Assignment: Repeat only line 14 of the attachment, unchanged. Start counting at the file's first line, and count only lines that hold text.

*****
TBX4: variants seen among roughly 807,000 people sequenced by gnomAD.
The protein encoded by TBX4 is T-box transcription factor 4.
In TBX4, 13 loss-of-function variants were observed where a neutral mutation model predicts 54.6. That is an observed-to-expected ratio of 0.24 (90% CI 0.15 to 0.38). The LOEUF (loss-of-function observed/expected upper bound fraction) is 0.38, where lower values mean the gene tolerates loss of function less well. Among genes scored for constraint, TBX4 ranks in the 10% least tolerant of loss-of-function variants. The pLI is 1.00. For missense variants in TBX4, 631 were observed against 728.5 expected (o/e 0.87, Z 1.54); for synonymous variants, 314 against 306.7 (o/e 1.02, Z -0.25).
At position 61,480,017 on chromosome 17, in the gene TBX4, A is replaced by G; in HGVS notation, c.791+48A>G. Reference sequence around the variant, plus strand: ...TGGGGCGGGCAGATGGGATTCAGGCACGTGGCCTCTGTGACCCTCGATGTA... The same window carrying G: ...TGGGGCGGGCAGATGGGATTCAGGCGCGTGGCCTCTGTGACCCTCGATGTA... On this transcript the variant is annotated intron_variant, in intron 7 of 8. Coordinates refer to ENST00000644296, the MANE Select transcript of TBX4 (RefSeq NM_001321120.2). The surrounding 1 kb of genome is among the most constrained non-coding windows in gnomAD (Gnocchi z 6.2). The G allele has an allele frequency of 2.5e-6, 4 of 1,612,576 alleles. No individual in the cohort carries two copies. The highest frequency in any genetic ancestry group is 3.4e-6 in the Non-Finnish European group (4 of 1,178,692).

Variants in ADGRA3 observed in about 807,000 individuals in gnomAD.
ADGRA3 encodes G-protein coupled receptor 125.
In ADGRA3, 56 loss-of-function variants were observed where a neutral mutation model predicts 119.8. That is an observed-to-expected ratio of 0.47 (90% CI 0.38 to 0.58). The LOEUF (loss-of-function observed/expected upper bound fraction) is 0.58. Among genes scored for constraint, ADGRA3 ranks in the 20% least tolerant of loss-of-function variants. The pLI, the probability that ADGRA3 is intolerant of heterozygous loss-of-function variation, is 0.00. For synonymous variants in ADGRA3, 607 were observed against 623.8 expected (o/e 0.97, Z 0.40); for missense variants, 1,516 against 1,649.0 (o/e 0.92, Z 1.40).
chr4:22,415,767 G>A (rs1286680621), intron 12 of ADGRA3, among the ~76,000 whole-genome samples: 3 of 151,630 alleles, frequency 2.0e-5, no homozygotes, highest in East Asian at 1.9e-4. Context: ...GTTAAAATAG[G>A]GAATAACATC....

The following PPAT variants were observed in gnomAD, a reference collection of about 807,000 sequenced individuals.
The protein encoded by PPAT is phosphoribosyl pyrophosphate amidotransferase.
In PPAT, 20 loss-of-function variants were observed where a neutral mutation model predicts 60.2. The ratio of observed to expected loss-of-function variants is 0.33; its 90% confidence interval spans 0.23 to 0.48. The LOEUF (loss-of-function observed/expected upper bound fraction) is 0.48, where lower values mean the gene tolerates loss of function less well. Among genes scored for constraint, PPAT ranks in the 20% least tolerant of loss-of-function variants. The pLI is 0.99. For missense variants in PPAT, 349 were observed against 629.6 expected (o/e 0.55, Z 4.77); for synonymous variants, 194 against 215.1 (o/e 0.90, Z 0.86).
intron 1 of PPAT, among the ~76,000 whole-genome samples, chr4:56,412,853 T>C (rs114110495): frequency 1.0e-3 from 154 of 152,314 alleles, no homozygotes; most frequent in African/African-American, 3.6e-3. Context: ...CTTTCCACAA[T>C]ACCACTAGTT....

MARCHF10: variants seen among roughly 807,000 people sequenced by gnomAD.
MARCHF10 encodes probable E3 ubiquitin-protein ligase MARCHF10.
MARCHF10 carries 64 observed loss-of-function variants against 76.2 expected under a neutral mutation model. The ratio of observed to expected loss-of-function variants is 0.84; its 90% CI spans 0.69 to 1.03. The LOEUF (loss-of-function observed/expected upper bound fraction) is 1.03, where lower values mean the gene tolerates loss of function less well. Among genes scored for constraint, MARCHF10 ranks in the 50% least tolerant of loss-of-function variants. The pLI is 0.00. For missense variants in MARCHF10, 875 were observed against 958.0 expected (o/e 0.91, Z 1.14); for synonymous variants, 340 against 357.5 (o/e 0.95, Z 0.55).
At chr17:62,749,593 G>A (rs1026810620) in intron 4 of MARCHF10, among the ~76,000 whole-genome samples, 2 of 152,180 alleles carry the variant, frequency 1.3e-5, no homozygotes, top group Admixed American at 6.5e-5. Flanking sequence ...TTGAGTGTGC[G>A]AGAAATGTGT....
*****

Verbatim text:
MARCHF10 encodes probable E3 ubiquitin-protein ligase MARCHF10.